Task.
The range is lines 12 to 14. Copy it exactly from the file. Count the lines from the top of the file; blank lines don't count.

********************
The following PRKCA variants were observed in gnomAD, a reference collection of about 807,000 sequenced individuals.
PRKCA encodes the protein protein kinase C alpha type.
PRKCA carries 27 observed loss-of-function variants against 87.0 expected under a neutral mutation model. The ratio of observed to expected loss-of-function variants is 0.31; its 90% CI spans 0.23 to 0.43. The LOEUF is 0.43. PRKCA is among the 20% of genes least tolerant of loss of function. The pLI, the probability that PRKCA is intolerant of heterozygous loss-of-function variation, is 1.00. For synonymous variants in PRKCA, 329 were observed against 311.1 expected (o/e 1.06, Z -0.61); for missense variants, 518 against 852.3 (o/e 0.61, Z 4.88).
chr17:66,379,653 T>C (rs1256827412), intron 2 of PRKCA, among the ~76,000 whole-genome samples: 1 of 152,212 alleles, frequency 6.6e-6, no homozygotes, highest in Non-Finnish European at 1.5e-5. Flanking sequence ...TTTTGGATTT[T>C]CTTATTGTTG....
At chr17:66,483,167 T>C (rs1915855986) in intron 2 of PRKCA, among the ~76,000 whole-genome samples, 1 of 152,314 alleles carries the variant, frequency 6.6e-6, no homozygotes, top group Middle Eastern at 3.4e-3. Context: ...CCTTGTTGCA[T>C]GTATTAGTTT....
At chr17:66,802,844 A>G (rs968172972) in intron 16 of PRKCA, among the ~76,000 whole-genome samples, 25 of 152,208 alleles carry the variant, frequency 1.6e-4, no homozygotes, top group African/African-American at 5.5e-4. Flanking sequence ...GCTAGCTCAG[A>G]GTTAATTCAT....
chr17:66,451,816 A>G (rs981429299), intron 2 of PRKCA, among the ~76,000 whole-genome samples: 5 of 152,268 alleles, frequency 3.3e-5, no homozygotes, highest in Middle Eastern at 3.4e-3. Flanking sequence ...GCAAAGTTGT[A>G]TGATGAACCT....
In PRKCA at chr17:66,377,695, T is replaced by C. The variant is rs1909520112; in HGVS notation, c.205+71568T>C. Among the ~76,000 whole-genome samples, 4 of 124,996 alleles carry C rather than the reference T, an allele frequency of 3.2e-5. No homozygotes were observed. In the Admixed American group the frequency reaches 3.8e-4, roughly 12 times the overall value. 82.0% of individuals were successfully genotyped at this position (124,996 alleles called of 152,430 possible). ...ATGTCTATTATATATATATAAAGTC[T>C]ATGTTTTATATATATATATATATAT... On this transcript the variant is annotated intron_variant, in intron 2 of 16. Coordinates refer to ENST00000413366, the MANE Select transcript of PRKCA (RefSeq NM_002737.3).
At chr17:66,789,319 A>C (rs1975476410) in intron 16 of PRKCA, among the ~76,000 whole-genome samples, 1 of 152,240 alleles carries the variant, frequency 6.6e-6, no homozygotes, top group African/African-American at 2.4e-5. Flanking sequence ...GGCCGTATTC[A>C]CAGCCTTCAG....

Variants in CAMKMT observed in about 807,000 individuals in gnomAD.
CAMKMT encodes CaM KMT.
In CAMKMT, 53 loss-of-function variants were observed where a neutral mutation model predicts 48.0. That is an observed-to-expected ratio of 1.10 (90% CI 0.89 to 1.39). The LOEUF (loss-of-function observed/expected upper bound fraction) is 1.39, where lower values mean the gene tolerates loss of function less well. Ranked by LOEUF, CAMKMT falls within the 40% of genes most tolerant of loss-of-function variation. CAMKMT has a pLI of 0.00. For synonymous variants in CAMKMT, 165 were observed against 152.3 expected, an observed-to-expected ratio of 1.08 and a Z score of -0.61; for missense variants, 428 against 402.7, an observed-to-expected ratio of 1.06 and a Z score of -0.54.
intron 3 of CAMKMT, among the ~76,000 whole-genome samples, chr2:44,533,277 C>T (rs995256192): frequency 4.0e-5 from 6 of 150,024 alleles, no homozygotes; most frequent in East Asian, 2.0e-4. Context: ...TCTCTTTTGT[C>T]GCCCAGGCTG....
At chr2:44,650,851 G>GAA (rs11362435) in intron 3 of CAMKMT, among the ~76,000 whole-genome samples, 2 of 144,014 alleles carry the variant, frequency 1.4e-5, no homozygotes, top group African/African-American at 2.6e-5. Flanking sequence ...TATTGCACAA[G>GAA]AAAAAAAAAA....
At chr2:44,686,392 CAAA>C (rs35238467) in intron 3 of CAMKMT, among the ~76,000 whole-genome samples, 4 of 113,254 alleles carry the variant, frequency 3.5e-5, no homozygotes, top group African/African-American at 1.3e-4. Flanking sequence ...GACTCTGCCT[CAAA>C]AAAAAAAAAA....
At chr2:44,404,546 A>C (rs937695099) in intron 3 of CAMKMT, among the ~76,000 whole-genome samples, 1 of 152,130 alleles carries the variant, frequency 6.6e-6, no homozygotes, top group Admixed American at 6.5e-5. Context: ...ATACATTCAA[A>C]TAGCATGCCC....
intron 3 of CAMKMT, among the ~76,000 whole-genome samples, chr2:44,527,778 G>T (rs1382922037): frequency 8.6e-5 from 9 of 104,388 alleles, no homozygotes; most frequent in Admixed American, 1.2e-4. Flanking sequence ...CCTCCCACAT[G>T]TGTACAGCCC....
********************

In CAMKMT, 53 loss-of-function variants were observed where a neutral mutation model predicts 48.0. That is an observed-to-expected ratio of 1.10 (90% CI 0.89 to 1.39). The LOEUF (loss-of-function observed/expected upper bound fraction) is 1.39, where lower values mean the gene tolerates loss of function less well. Ranked by LOEUF, CAMKMT falls within the 40% of genes most tolerant of loss-of-function variation. CAMKMT has a pLI of 0.00. For synonymous variants in CAMKMT, 165 were observed against 152.3 expected, an observed-to-expected ratio of 1.08 and a Z score of -0.61; for missense variants, 428 against 402.7, an observed-to-expected ratio of 1.06 and a Z score of -0.54.
intron 3 of CAMKMT, among the ~76,000 whole-genome samples, chr2:44,533,277 C>T (rs995256192): frequency 4.0e-5 from 6 of 150,024 alleles, no homozygotes; most frequent in East Asian, 2.0e-4. Context: ...TCTCTTTTGT[C>T]GCCCAGGCTG....
At chr2:44,650,851 G>GAA (rs11362435) in intron 3 of CAMKMT, among the ~76,000 whole-genome samples, 2 of 144,014 alleles carry the variant, frequency 1.4e-5, no homozygotes, top group African/African-American at 2.6e-5. Flanking sequence ...TATTGCACAA[G>GAA]AAAAAAAAAA....